Each week since OS X’s
release introduction, the same topic comes again and again in one of the many feeds I subscribe to: is Dashboard really useful? And, pretty much every time since the very first announcements (because the concept was already quite familiar, due to Konfabulator), the answer’s been: No.
It’s time for me to weigh in (like I have a weight). I still think the same way I did when I first tried Konfabulator on Windows: it’s useless because almost nobody really comprehends the concept’s (huge) interest.
Those who criticize Dashboard always bring up the same point: everything it does, websites and software utilities do it better. If you don’t use the calculator often, you don’t want to waste a tenth of your screen space (and your RAM) to keep it displayed in your Dashboard; if you do, pressing F12 then having to point and click to activate it is less convenient than using alt-tab or Quicksilver. And the same applies, of course, to all those widgets that give you access to websites. What’s the point of keeping Google, Amazon or whatever in your Dashboard when you can have them in your Safari bookmarks (or, then again, in Quicksilver)?
That’s because nobody — including Apple’s own developers, it seems — has realized that the whole point of Dashboard isn’t to offer access to utilities but to display information. Press a single key, have access at a glance (as opposed to anything requiring additional mouse clicks) to all the information you can need: five-day weather (Apple widget, I didn’t say they were completely off-base), current iTunes track (AlbumArt), your iCal schedule (iCal Events, and you can also find to-do-list widgets), your online contacts (AdiumList, there are iChat equivalents), and… and… oh, right, that’s pretty much all of it, because informative widgets aren’t many — particularly considering that such information often needs localization (TV schedules, traffic info, etc.). Among the good ideas I don’t have a use for, you can also find Apple’s Stocks widgets, webcam and photolog displays, or rudimentary RSS widgets, which can be (transitorily) useful to people who don’t know about aggregators yet. And that’s about it, and that’s far from crowding my 20-incher. Because most developers are looking for ideas in the wrong direction.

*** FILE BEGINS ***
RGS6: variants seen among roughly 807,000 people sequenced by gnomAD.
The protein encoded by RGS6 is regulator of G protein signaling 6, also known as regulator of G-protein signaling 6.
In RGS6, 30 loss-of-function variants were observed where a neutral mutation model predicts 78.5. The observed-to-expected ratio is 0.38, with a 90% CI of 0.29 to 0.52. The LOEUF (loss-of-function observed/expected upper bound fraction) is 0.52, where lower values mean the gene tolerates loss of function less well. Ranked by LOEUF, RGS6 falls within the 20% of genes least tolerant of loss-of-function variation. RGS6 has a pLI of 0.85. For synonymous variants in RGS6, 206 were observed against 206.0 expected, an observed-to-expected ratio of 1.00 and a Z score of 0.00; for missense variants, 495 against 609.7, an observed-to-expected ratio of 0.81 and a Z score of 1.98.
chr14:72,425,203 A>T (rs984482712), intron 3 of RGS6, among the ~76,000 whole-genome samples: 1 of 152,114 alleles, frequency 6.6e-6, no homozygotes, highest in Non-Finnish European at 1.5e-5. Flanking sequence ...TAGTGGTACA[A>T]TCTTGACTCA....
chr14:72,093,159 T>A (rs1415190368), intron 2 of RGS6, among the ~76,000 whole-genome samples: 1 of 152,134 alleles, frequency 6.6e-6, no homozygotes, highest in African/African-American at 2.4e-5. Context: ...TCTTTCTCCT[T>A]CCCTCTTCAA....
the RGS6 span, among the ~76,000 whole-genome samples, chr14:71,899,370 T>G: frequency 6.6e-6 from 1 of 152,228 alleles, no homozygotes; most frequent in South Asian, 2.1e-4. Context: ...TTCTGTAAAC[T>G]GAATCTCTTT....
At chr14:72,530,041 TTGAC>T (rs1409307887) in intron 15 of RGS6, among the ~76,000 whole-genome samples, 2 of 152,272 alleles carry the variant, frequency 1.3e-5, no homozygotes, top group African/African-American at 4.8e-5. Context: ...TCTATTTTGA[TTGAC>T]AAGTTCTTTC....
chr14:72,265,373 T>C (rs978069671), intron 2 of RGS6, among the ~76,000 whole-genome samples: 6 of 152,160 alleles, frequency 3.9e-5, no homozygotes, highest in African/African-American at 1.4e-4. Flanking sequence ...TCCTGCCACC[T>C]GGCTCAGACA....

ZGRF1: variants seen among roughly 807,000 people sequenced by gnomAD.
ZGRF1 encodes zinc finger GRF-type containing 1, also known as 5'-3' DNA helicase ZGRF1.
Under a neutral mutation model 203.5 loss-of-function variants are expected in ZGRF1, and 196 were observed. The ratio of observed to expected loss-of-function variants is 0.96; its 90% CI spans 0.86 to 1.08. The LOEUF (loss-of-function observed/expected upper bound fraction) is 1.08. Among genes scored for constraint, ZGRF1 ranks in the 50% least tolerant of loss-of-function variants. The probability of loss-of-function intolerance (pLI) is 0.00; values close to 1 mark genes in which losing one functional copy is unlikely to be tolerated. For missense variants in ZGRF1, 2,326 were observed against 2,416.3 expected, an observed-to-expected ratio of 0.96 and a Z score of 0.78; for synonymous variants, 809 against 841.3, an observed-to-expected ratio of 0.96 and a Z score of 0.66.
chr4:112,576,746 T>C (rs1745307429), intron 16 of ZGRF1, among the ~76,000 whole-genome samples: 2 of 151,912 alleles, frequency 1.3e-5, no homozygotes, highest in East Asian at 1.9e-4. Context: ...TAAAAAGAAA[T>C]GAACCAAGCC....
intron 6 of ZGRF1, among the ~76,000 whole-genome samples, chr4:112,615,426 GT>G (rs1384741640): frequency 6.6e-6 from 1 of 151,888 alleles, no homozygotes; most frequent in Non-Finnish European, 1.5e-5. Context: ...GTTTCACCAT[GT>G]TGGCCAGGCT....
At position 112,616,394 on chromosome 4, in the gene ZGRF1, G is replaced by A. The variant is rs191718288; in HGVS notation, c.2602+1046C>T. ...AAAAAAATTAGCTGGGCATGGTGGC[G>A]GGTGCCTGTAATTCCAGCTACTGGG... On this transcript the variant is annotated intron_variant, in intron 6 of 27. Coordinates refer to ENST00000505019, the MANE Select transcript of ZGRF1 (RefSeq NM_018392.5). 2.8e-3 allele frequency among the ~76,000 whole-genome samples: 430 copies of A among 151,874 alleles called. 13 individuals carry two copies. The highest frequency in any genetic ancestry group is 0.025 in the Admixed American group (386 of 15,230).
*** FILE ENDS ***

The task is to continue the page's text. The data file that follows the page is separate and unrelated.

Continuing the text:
Forget utilities. Just think of what information the users might want to keep just a click away. Or a non-click, more accurately. The great strength of Dashboard is that it only takes a keypress, or a shove of the pointer in a screen corner, to display a screen where each piece of information is always at the same place, where the eye immediately knows where to find what it’s looking for — it has a memory you mouse pointer doesn’t have.
Think: portal. Even Google is going this way now, if you don’t believe me.
Now if only the international geek community read my blog, I wouldn’t feel like I’m talking to myself here.
P.S. The presence of the dictionary and translation widgets on my Dashboard’s screenshot is not in total contradiction with my post, for a reason: I don’t know any application or website grouping both functionalities in a clear and convenient way — but I’ll probably get to make my own webpage displaying both in frames. As for the screenshot and password widgets, they’re small, more practical than the corresponding utilities (every rule has its exceptions), and considering how much free space there’s on my Dashboard I can definitely afford to leave them there.